Orthodontic issues can affect both adults and children, starting as early as 8 years old. If you are seeing any of the following problems with you or your child's teeth, contact us to set up your FREEconsultation.
Spacing between teeth can be the result of missing teeth, teeth that are too narrow for a wide jaw or certain habits. The most common complaint from those with excessive space is poor appearance but the health of the gums can be compromised if spacing persists for long periods of time.
Crowding is the lack of space for teeth to fit normally within the jaws. The teeth may be overlapping, sticking out or “blocked out” of line. Crowding occurs when there is an imbalance in the tooth to jaw size relationship, or when the teeth are larger than the available space. Alternatively, crowding can be caused by the early loss of primary teeth or when adult teeth erupt improperly.
Abnormal eruption is when a tooth appears in the wrong spot. Sometimes a tooth may even be completely blocked from growing in at all. This is called an impacted tooth. In some cases of impacted teeth, a small surgical incision may be required by your dentist or oral surgeon to uncover the tooth from the gums to allow it to join the rest of the teeth.
There are two types of crossbites:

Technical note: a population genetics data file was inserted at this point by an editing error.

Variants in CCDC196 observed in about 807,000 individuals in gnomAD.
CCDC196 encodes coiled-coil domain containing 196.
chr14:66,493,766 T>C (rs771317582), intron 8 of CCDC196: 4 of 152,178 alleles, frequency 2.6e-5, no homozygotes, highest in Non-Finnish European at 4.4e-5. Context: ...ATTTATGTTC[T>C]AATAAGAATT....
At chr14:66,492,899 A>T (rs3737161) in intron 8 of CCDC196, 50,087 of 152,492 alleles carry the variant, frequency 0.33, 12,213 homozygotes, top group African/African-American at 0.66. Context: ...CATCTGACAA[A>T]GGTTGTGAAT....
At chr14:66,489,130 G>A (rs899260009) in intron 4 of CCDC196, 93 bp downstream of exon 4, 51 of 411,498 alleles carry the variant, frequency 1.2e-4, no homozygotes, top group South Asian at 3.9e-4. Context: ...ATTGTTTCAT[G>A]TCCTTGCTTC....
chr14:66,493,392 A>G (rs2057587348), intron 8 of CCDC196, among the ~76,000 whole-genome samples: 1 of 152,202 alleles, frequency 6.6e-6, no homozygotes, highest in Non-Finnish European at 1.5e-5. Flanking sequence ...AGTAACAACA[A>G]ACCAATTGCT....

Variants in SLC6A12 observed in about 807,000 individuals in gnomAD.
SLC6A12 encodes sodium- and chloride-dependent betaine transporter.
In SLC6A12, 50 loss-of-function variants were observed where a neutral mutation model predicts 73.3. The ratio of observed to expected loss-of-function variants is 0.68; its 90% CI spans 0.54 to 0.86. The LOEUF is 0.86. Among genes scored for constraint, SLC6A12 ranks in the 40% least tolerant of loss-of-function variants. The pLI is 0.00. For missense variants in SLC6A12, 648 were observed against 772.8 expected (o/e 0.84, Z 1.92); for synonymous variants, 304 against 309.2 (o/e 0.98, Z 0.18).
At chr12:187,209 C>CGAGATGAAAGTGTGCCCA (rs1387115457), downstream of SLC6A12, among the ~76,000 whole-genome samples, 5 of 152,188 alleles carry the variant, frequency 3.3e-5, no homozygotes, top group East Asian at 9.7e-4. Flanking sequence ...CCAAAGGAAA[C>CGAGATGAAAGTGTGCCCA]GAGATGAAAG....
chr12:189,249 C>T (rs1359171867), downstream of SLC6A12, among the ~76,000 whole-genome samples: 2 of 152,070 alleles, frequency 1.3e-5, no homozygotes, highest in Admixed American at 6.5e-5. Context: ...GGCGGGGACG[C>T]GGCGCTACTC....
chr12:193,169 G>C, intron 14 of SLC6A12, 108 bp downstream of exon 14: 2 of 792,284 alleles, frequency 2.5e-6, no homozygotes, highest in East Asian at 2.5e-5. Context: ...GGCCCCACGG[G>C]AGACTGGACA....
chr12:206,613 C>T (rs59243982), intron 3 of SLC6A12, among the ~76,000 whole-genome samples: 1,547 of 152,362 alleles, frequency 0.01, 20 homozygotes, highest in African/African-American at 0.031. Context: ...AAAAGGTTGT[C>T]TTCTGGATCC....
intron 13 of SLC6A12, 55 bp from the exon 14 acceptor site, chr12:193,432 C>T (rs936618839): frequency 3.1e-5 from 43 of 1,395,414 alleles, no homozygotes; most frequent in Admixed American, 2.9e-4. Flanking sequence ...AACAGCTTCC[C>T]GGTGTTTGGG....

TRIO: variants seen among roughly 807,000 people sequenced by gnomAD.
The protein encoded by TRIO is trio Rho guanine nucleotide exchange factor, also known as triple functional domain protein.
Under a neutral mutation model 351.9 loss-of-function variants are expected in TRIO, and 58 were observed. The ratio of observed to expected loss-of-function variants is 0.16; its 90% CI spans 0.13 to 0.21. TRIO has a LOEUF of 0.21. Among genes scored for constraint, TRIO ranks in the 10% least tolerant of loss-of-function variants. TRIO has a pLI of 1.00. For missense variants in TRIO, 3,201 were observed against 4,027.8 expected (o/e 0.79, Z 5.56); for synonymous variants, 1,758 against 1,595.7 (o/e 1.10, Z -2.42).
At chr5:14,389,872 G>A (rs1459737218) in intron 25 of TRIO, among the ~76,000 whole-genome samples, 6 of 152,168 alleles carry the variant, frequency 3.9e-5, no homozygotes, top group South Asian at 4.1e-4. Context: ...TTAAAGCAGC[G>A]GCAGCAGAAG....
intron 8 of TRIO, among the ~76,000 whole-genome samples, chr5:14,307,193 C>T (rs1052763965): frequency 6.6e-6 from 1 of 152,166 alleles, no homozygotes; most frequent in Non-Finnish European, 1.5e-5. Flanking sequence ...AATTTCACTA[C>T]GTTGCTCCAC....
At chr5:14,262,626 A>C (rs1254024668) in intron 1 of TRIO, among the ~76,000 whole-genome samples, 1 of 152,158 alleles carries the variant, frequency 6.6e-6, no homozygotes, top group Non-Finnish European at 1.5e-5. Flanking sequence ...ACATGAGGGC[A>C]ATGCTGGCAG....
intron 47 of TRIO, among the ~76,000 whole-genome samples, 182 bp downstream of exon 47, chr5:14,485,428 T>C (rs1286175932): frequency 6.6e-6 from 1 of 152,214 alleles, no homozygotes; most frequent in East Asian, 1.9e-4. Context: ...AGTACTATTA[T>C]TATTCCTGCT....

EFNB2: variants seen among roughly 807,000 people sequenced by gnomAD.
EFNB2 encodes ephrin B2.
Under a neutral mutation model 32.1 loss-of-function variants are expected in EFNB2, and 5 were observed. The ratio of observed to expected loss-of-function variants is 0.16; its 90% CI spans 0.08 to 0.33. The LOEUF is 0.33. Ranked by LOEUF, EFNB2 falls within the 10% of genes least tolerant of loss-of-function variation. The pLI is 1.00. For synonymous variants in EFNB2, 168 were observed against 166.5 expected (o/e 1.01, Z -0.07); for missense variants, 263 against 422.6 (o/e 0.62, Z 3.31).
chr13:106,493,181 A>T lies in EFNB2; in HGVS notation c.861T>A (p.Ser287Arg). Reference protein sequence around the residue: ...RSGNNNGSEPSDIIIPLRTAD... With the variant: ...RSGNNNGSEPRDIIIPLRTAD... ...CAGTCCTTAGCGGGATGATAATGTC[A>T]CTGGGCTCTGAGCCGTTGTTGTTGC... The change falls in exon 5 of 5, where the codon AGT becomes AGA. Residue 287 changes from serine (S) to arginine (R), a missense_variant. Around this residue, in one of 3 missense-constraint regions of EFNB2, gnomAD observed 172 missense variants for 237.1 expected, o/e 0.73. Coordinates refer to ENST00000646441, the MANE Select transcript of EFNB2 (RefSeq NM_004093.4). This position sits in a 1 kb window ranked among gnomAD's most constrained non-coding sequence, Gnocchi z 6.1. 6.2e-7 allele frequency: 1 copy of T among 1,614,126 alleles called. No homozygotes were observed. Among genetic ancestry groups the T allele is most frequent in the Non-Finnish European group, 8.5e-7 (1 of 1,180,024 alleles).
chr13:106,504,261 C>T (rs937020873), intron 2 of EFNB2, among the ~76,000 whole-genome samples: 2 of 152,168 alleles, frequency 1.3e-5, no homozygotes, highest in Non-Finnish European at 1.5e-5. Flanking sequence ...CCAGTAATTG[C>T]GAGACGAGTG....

Anterior (Front) Crossbite: This occurs when one or more upper front teeth are behind one or more lower front teeth.
Posterior (Back) Crossbite: This is when the upper back teeth are on the inside of the lower back teeth. When this occurs, the patient will typically compensate by moving the lower jaw to one side, which can lead to permanent changes over time.
When most people refer to an open bite they are referring to an anterior open bite. This is identified when the back teeth are closed, but the front teeth still appear to be open. This can be a result of a number of habits such as thumb sucking in school-aged kids and tongue thrusting, or can be the result of a person's growth
Deep bite, or over bite as it is more commonly known, is the vertical misalignment between the upper and lower front teeth. Typically, the upper front teeth should cover about 25% of the bottom front teeth when biting. Anything more than that is considered overbite.
Commonly incorrectly referred to as an “overbite,” this scenario occurs when the front teeth stick out farther than the bottom teeth. The timing for correction of this problem is crucial. If treated early with the use of appliance and braces, there is no need for a complex surgery as an adult.
This is when the lower teeth sit in front of the upper teeth. Underbites occur when the lower jaw grows at a faster rate than the upper jaw. It’s very important to monitor the patient’s growth in these situations.